The day dawned cold and bright so we anticipated that eventually it might be a fine day for a walk in the park. But first thing this morning, I needed to check on the condition of Meg’s hand which she injured on cut glass when she had a fall yesterday. I had put a cotton white glove on her left hand so that if any plasters became detached during the night, we would not a seepage of blood all over the place. By the cold light of day, the injury to Meg’s hand seemed to be confined to one particularly deep cut on her little finger but the other abrasions were sufficiently superficial to ignore and let them heal themselves. I found a variety of plasters and so I plastered up Meg’s hand sufficiently well so that she could wash and dress without too much difficulty. Although I had originally intended that we would visit the local Minor Injuries unit in a local hospital, on reflection I thought that they would probably take off one plaster and put on another so there was not a lot of point in spending hours in a local hospital, particularly as Monday morning would have to be a bad day for minor injuries. So Meg and I breakfasted and then set off for the local park, via the newspaper shop where I picked up our reserved copy of our daily newspaper. In the park, it was pretty cold so we drank our coffee and were preparing to return home when we were greeted by a lady who recognised us from our walks in the park throughout the months and years. As is often the case, the dog always bounds up looking for treats which then leads on to apologies for the pet’s intrusive behaviour before the conversation leads on to other things. It transpired that we had a shared interest in damson jam and damson gin. As I have several bottles of ‘spare’ damson gin in the garage, waiting to be drunk, I said I would bring one along with us next Thursday, on our next park visit. Our new found friend promised some damson jam in return and we discussed whether we both might try our hand at making some rhubarb gin. This is something that neither of us has ever done but if we are donated sticks of rhubarb, then we both might try our hand at it.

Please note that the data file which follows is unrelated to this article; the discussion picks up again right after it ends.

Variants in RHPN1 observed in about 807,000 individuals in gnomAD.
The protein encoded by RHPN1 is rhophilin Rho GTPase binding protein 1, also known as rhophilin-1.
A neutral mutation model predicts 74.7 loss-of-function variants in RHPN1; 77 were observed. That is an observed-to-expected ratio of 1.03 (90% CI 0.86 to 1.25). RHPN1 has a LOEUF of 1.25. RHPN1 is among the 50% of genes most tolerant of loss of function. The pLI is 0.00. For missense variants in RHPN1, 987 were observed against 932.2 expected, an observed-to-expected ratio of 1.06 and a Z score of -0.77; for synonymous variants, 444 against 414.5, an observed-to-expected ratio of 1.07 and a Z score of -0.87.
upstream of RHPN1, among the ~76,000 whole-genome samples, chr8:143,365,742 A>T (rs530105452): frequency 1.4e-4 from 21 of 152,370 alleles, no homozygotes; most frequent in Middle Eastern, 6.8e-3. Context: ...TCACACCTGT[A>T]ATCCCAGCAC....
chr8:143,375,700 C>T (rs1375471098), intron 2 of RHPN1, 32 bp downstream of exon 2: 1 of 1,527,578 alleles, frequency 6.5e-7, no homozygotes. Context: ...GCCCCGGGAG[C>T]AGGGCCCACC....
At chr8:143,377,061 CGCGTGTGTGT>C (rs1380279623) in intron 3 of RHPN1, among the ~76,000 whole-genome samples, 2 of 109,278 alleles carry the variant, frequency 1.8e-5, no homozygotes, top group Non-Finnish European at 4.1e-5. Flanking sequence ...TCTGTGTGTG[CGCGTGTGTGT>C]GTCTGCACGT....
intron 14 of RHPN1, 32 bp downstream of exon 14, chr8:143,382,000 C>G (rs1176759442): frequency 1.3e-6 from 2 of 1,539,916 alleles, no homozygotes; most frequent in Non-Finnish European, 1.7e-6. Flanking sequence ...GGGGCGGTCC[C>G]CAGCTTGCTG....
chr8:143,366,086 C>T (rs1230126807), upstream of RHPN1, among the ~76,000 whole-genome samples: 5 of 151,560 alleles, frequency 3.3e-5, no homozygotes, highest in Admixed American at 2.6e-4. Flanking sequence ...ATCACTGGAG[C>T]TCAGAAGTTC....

After lunch, the weather was still set fair and may even have warmed up a little since this morning, so I thought it would be a great afternoon to give the lawns their second cut of the season (the first being exactly a week ago) I made sure that Meg was wearing a nice warm coat plus hat so I sat her down on our bench at the front of the house so that she could observe my progress whilst I cut the communal grass at the front of our house. I must have been gone about a couple of minutes to don my gardening trousers and boots but when I returned, Meg was nowhere to be seen. I made a quick ‘reccy’ up and down the main Kidderminster Road to see of she had decided to visit our Italian friend again but then found her, safe and sound, inside the house of our next door neighbour enjoying a cup of tea and a biscuit. Naturally, it was good to be reunited with one’s wife but we spent a pleasant hour in our neighbour’s company before we had to take our leave of each other to get our jobs done. So the lawn mowing was started fairly late and our newest neighbours, recently returned from a two month sojourn in India, offered to lend a hand. He has a gardener calling around tomorrow so there is always the possibility that this gardener might be able to spare us some hours each month, particularly as his van and tools will all be immediately to hand. The lawns having been successfully cut for the second week, it was time to come in and immediately prepare a light tea for Meg and myself.
We are hoping that the weather stays fine for the next few days as tomorrow is our Waitrose+Pilates routine for a Tuesday and the day after that, if it is not pouring down, we intend to pay a visit to Alcester which is a pretty Georgian town some 15 miles distant. If the weather turns out to be rainy and blustery, we may have to revise our plans but, as we all know, April can be the most fickle of months. Still, it is rather fairly heartwarming to know that the seasons are on the turn and we are more than likely to bump into, and to chat with, neighbours as we all start to think of the outdoor jobs that needed to be started now that Spring is here. I like to give all of the gullies separating our lawns from the adjacent flower beds a really good working over at this time of year because apart from improving the appearance of the garden, it also gives the opportunity to attack any large perennial weeds before they start to proliferate again.